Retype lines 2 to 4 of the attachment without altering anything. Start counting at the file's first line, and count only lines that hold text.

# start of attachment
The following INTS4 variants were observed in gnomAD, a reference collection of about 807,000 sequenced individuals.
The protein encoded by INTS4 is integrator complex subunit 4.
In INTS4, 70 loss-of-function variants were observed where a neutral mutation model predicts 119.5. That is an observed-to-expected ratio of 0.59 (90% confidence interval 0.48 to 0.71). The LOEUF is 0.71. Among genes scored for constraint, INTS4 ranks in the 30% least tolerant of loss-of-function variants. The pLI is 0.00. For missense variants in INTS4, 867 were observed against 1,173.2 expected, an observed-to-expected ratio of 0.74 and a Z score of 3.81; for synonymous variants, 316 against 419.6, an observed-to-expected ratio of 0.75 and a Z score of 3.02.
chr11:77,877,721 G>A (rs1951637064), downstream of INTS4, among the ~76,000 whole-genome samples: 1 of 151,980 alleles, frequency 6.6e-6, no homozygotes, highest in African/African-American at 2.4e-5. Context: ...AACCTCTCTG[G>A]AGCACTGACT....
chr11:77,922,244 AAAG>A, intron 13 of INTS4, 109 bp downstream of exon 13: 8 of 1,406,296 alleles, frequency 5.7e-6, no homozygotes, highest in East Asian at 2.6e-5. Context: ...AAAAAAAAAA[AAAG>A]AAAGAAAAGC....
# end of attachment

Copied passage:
The protein encoded by INTS4 is integrator complex subunit 4.
In INTS4, 70 loss-of-function variants were observed where a neutral mutation model predicts 119.5. That is an observed-to-expected ratio of 0.59 (90% confidence interval 0.48 to 0.71). The LOEUF is 0.71. Among genes scored for constraint, INTS4 ranks in the 30% least tolerant of loss-of-function variants. The pLI is 0.00. For missense variants in INTS4, 867 were observed against 1,173.2 expected, an observed-to-expected ratio of 0.74 and a Z score of 3.81; for synonymous variants, 316 against 419.6, an observed-to-expected ratio of 0.75 and a Z score of 3.02.
chr11:77,877,721 G>A (rs1951637064), downstream of INTS4, among the ~76,000 whole-genome samples: 1 of 151,980 alleles, frequency 6.6e-6, no homozygotes, highest in African/African-American at 2.4e-5. Context: ...AACCTCTCTG[G>A]AGCACTGACT....